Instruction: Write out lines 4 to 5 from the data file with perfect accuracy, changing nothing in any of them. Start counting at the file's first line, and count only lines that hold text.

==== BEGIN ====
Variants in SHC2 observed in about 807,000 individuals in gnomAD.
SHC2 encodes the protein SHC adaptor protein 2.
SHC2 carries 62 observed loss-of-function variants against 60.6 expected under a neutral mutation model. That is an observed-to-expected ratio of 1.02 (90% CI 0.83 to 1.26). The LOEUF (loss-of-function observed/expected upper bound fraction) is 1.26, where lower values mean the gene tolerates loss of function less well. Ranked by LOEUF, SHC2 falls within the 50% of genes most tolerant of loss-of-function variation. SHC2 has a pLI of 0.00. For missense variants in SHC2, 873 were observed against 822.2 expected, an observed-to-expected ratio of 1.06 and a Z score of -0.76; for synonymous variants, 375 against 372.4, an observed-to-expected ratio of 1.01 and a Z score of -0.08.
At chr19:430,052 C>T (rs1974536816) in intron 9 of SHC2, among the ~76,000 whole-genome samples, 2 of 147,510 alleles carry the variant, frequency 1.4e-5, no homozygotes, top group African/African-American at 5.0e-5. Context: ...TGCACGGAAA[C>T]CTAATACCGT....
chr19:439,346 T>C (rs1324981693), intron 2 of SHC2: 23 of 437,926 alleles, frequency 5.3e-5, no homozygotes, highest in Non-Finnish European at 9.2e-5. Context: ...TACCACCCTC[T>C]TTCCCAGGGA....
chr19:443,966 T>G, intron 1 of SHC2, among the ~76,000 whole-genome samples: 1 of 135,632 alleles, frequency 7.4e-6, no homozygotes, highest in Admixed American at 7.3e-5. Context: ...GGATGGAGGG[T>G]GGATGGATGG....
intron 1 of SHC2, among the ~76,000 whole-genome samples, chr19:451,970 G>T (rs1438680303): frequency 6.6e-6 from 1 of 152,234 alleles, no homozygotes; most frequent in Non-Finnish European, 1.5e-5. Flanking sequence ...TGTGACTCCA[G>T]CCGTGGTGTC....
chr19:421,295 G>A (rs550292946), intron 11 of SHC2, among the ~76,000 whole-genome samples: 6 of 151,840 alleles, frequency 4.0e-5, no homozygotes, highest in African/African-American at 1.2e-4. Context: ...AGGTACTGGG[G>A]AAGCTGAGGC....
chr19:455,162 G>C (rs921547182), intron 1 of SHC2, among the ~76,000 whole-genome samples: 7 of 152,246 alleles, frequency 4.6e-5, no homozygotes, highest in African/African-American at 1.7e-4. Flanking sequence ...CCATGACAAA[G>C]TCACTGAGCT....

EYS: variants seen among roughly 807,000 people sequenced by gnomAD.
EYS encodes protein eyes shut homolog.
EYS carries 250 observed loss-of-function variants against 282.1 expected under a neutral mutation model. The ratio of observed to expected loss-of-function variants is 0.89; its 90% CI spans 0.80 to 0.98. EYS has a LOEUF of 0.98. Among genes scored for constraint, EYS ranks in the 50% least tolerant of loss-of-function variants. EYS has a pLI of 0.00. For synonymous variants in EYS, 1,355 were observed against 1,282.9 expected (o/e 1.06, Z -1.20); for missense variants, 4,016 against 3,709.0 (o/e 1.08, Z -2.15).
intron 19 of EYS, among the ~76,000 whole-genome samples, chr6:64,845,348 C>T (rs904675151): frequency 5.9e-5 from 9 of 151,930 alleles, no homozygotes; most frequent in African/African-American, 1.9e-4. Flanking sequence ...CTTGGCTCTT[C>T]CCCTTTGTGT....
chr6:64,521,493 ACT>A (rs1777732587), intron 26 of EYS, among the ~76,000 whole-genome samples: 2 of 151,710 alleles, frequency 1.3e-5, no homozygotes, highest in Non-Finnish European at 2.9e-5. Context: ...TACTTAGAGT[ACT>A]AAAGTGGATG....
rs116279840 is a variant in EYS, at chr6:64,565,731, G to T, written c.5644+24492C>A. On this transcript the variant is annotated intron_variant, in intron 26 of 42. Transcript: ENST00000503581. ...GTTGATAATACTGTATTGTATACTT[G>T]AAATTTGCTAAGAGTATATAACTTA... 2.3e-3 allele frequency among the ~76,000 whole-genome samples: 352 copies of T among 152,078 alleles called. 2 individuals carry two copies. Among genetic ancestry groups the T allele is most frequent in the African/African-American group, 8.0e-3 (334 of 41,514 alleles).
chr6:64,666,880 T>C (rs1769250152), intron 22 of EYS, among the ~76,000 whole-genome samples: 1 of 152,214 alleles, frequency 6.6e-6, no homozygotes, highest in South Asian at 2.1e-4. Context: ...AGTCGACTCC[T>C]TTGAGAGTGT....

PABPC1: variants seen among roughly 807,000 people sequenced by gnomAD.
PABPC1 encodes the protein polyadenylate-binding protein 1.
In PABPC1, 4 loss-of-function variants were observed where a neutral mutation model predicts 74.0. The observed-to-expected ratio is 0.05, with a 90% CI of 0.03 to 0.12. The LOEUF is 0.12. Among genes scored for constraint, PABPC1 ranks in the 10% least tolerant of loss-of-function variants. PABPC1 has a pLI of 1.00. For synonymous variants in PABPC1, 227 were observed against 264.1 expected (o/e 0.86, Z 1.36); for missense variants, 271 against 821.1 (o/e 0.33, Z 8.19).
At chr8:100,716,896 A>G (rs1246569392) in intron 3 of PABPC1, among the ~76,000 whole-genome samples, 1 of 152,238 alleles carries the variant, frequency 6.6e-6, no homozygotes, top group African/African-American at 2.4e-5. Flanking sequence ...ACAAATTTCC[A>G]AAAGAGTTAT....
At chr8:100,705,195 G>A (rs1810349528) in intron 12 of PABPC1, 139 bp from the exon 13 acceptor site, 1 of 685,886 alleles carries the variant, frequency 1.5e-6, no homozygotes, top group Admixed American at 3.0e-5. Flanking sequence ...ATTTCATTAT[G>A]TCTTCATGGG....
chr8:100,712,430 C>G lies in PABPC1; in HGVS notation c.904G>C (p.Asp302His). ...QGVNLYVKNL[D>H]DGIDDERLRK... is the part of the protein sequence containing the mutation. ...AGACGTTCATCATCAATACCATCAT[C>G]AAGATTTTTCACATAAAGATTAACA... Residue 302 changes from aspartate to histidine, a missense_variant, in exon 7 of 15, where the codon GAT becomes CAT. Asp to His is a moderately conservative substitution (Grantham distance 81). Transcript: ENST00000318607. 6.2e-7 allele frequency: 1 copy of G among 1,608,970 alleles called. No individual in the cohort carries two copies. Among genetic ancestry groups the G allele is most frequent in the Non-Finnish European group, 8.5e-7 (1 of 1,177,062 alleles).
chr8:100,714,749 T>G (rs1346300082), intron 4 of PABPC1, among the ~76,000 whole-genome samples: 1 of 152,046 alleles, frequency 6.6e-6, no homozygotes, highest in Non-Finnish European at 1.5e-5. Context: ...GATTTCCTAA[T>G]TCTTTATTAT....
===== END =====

At chr19:430,052 C>T (rs1974536816) in intron 9 of SHC2, among the ~76,000 whole-genome samples, 2 of 147,510 alleles carry the variant, frequency 1.4e-5, no homozygotes, top group African/African-American at 5.0e-5. Context: ...TGCACGGAAA[C>T]CTAATACCGT....
chr19:439,346 T>C (rs1324981693), intron 2 of SHC2: 23 of 437,926 alleles, frequency 5.3e-5, no homozygotes, highest in Non-Finnish European at 9.2e-5. Context: ...TACCACCCTC[T>C]TTCCCAGGGA....